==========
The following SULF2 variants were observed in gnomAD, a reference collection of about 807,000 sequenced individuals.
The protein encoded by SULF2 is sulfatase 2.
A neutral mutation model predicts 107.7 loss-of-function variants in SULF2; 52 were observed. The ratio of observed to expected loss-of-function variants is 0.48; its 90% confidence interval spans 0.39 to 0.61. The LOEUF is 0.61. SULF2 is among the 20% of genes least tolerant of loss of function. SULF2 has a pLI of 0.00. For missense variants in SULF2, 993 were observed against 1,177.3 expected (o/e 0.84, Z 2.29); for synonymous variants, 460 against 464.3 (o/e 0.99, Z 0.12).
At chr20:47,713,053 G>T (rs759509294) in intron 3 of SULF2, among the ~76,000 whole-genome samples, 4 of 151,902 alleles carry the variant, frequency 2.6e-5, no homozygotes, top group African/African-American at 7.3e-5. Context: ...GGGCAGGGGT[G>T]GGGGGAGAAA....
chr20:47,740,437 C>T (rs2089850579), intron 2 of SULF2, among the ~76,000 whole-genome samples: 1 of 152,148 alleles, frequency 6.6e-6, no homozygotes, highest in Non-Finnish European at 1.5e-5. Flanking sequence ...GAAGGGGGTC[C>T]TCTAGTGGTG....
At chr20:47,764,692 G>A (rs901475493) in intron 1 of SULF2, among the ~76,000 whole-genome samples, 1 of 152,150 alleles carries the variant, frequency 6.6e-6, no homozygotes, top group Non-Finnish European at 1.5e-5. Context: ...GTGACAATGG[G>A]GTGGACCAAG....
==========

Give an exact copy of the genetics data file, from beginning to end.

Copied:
The following SULF2 variants were observed in gnomAD, a reference collection of about 807,000 sequenced individuals.
The protein encoded by SULF2 is sulfatase 2.
A neutral mutation model predicts 107.7 loss-of-function variants in SULF2; 52 were observed. The ratio of observed to expected loss-of-function variants is 0.48; its 90% confidence interval spans 0.39 to 0.61. The LOEUF is 0.61. SULF2 is among the 20% of genes least tolerant of loss of function. SULF2 has a pLI of 0.00. For missense variants in SULF2, 993 were observed against 1,177.3 expected (o/e 0.84, Z 2.29); for synonymous variants, 460 against 464.3 (o/e 0.99, Z 0.12).
At chr20:47,713,053 G>T (rs759509294) in intron 3 of SULF2, among the ~76,000 whole-genome samples, 4 of 151,902 alleles carry the variant, frequency 2.6e-5, no homozygotes, top group African/African-American at 7.3e-5. Context: ...GGGCAGGGGT[G>T]GGGGGAGAAA....
chr20:47,740,437 C>T (rs2089850579), intron 2 of SULF2, among the ~76,000 whole-genome samples: 1 of 152,148 alleles, frequency 6.6e-6, no homozygotes, highest in Non-Finnish European at 1.5e-5. Flanking sequence ...GAAGGGGGTC[C>T]TCTAGTGGTG....
At chr20:47,764,692 G>A (rs901475493) in intron 1 of SULF2, among the ~76,000 whole-genome samples, 1 of 152,150 alleles carries the variant, frequency 6.6e-6, no homozygotes, top group Non-Finnish European at 1.5e-5. Context: ...GTGACAATGG[G>A]GTGGACCAAG....